The essence of most definitions of the word ‘counselling’ is that the patient is helped to review their own situation and make their own decisions. Such an understanding is central to the idea of sterilization counselling, but there are other imperatives for doctors who are discussing sterilization with their patients. In the first place they must give clear, up-to-date information in a way the patient can understand. They must also share their medical knowledge about possible risks and benefits, trying to avoid passing on any personal prejudices. In addition, doctors with some psychosexual training will be able to help individuals to understand some of the less conscious feelings within themselves which may contribute to decisions that are not in their best long-term interests. An ability to concentrate on what is happening between the couple, and to interpret this in such a way as to free them to relate more honestly to each other, is invaluable. It may be possible to identify punishing or controlling attitudes, feelings of guilt and the need to make reparation, and the complicated effect of such joint interaction as mutual projection (Main, 1966).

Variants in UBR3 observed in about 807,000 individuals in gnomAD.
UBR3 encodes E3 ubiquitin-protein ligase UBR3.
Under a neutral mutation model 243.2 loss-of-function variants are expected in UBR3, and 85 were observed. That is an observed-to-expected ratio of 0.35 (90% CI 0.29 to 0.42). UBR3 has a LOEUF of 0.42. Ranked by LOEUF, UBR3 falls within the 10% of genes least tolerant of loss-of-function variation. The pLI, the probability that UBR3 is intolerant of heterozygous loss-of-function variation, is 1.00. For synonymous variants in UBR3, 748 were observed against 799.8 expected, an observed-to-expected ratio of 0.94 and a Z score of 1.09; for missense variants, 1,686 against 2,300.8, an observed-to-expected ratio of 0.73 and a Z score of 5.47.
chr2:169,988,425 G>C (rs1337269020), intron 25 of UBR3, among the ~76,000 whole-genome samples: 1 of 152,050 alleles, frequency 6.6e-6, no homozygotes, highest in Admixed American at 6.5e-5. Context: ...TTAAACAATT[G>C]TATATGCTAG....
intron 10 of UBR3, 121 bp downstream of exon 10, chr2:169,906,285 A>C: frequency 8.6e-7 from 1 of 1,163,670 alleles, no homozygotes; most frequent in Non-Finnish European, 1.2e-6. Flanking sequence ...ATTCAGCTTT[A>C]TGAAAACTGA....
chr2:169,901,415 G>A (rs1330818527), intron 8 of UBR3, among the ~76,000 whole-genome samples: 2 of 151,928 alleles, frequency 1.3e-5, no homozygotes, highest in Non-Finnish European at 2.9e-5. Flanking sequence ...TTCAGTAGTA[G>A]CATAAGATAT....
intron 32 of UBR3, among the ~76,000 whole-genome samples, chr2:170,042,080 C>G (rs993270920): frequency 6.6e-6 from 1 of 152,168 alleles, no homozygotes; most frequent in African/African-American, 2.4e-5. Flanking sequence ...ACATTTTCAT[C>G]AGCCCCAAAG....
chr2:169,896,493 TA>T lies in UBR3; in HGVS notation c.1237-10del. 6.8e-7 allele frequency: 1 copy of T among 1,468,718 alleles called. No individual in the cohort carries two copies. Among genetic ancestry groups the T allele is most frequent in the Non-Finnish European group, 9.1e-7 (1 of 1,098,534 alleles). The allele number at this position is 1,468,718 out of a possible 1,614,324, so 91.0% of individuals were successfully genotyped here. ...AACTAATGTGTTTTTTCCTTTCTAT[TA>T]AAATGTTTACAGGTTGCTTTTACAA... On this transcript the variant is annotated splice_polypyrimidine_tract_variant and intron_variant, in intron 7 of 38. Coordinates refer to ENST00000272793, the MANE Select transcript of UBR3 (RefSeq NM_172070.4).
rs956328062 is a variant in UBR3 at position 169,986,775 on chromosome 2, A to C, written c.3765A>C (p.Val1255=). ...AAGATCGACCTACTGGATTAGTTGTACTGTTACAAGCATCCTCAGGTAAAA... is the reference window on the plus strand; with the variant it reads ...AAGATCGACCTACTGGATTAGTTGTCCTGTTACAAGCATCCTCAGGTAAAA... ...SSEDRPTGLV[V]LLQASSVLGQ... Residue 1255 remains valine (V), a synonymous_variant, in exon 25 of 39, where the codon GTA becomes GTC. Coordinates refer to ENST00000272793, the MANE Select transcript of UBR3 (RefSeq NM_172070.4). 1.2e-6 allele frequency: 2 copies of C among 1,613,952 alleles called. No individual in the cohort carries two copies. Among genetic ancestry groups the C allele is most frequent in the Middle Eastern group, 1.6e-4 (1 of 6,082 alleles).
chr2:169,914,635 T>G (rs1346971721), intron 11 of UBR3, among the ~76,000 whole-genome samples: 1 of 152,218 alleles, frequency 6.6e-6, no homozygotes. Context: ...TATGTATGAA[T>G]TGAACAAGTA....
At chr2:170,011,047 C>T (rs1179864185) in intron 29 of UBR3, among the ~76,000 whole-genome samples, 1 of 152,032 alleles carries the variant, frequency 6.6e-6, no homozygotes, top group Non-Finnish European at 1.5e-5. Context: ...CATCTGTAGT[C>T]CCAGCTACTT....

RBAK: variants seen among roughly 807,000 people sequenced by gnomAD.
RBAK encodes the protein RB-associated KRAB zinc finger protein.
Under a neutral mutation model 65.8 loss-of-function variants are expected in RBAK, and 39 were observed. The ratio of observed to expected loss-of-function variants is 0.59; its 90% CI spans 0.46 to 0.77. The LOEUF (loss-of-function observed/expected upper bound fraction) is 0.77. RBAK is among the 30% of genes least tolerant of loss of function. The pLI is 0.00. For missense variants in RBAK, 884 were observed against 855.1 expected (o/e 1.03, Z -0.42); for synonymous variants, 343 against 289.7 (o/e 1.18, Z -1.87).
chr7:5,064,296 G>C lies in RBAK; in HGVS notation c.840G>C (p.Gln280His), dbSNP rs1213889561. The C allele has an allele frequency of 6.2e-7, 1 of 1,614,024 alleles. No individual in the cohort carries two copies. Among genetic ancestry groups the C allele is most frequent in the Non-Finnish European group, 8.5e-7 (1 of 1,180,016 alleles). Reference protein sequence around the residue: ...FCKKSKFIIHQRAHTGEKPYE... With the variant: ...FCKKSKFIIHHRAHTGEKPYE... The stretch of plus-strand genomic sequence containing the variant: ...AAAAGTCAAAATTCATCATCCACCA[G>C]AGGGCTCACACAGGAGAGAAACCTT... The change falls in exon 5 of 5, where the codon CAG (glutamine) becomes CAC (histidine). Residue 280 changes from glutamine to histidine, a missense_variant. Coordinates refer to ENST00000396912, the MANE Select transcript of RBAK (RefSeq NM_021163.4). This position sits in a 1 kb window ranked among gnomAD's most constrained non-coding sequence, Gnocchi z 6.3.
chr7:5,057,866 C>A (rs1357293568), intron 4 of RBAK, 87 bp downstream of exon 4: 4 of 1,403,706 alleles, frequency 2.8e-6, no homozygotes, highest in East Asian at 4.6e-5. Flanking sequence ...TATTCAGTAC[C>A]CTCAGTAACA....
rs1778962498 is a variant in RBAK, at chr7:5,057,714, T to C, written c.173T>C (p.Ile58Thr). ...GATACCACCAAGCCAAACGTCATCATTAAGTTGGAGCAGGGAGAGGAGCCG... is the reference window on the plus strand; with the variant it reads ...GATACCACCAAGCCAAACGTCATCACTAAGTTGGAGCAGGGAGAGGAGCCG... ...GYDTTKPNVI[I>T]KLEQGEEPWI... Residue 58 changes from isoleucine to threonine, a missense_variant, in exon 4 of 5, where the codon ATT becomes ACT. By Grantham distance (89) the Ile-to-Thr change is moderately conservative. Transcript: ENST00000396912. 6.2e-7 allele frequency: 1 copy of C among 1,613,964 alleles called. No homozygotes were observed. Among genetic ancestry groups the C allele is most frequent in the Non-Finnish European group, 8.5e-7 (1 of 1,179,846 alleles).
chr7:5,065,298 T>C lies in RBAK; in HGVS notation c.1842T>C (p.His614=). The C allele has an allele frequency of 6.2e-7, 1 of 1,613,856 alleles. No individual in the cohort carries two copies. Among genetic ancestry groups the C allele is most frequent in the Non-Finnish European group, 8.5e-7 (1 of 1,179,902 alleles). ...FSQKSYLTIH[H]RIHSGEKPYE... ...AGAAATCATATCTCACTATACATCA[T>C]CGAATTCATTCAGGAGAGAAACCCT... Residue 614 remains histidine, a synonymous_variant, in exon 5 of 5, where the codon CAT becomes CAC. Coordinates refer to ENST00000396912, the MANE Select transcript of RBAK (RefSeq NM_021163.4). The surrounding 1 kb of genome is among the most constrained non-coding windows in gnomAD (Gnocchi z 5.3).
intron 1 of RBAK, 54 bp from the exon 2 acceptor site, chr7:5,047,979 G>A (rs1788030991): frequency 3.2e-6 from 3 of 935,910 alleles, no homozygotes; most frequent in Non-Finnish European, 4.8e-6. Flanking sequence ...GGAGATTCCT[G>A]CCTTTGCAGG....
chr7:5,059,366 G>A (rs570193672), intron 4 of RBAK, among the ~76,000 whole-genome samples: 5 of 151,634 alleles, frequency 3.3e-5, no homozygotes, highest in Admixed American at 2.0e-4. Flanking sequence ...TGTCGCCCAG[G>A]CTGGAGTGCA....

In summary, the overall picture shows that sterilization is a good and acceptable method of contraception, widely used by both men and women. A few will have regrets about the operation, but this number is a very small proportion of the total. It should be possible to reduce the number of these unfortunate people by adequate discussion before the operation, and particularly if those people who are most likely to be at risk can be identified and offered help from a doctor with skills to help them to look at the less conscious aspects of their feelings and actions.